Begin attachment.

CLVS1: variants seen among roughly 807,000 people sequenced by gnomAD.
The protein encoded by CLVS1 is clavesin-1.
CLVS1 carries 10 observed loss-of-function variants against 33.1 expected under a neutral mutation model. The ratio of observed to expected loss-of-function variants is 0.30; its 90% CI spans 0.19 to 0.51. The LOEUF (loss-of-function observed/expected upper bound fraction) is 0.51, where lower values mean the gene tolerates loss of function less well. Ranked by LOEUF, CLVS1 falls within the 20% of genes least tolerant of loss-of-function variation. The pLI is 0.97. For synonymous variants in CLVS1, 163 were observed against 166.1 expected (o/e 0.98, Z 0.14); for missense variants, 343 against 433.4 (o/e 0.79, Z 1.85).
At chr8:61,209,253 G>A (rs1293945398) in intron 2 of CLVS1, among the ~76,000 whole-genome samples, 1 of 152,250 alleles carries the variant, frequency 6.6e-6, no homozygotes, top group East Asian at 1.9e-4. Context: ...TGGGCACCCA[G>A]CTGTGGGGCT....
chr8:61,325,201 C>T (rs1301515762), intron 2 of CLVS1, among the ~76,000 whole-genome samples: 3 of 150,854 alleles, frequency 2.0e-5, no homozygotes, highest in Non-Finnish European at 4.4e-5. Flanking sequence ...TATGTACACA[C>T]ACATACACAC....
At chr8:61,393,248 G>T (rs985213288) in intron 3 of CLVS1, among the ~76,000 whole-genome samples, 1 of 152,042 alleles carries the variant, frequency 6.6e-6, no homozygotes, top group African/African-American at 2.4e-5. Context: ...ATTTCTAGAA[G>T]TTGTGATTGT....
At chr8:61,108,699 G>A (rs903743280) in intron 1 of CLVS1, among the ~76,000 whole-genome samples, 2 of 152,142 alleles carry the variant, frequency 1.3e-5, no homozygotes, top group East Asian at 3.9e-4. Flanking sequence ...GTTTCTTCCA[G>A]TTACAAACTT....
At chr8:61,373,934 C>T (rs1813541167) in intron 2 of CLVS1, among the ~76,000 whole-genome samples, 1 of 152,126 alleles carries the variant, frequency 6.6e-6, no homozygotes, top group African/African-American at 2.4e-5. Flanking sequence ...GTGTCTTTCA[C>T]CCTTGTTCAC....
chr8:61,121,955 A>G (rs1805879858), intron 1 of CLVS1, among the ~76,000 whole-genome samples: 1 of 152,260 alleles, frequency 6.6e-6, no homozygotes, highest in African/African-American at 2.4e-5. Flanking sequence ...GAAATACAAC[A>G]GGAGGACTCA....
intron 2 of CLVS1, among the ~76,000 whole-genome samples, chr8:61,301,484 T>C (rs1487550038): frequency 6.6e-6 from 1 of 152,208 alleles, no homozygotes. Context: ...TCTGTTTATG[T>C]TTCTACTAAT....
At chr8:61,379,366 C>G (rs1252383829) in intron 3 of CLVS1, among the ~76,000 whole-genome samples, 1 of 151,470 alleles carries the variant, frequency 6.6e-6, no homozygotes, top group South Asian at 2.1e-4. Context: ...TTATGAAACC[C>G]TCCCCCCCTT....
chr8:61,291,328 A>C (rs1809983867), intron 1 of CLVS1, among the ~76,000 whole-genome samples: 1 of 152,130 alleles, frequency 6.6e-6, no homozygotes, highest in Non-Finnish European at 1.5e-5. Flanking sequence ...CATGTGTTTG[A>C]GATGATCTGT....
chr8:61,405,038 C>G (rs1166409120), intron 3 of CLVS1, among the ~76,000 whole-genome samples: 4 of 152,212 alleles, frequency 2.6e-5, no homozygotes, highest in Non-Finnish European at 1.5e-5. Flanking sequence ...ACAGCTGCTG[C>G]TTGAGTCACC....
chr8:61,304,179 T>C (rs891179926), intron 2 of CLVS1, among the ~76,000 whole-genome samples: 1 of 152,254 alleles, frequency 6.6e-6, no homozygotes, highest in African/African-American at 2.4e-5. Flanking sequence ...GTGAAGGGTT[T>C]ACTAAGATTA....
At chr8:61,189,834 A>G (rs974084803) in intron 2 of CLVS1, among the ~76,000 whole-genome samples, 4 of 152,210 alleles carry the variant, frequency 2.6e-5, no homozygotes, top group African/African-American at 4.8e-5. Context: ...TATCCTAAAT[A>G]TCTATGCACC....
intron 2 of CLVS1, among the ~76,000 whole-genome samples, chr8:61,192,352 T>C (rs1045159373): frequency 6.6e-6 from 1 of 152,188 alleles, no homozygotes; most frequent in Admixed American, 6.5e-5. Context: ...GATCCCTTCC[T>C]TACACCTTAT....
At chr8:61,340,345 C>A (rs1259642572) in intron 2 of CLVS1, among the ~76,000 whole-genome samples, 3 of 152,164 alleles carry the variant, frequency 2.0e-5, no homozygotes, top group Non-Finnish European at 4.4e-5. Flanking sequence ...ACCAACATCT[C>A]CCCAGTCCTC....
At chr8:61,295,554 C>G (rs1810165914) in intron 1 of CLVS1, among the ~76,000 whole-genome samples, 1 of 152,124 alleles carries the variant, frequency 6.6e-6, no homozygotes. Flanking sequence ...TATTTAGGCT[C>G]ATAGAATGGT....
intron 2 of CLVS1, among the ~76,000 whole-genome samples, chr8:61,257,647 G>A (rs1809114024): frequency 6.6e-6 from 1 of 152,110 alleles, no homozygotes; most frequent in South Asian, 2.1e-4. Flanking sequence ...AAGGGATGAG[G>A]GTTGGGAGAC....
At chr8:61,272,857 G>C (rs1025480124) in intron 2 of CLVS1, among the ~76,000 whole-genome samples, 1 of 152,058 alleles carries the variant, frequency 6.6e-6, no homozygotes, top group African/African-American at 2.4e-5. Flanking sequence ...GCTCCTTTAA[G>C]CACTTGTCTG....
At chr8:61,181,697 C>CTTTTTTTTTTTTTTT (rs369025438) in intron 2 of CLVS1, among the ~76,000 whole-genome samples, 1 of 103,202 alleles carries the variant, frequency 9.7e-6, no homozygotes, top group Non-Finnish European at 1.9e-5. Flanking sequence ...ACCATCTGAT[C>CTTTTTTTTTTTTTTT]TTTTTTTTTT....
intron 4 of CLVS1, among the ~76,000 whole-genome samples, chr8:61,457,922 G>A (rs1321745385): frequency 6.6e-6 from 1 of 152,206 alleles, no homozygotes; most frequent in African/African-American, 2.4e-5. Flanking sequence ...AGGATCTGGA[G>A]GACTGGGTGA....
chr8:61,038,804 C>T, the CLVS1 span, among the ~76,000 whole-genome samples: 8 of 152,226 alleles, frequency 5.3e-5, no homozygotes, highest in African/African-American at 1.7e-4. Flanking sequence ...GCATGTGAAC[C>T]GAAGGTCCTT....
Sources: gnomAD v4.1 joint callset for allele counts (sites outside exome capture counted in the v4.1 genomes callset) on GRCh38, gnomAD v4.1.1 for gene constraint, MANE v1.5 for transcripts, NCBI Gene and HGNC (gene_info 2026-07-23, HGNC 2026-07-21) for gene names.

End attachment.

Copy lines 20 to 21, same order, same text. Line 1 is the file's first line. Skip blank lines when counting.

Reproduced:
At chr8:61,272,857 G>C (rs1025480124) in intron 2 of CLVS1, among the ~76,000 whole-genome samples, 1 of 152,058 alleles carries the variant, frequency 6.6e-6, no homozygotes, top group African/African-American at 2.4e-5. Flanking sequence ...GCTCCTTTAA[G>C]CACTTGTCTG....
At chr8:61,181,697 C>CTTTTTTTTTTTTTTT (rs369025438) in intron 2 of CLVS1, among the ~76,000 whole-genome samples, 1 of 103,202 alleles carries the variant, frequency 9.7e-6, no homozygotes, top group Non-Finnish European at 1.9e-5. Flanking sequence ...ACCATCTGAT[C>CTTTTTTTTTTTTTTT]TTTTTTTTTT....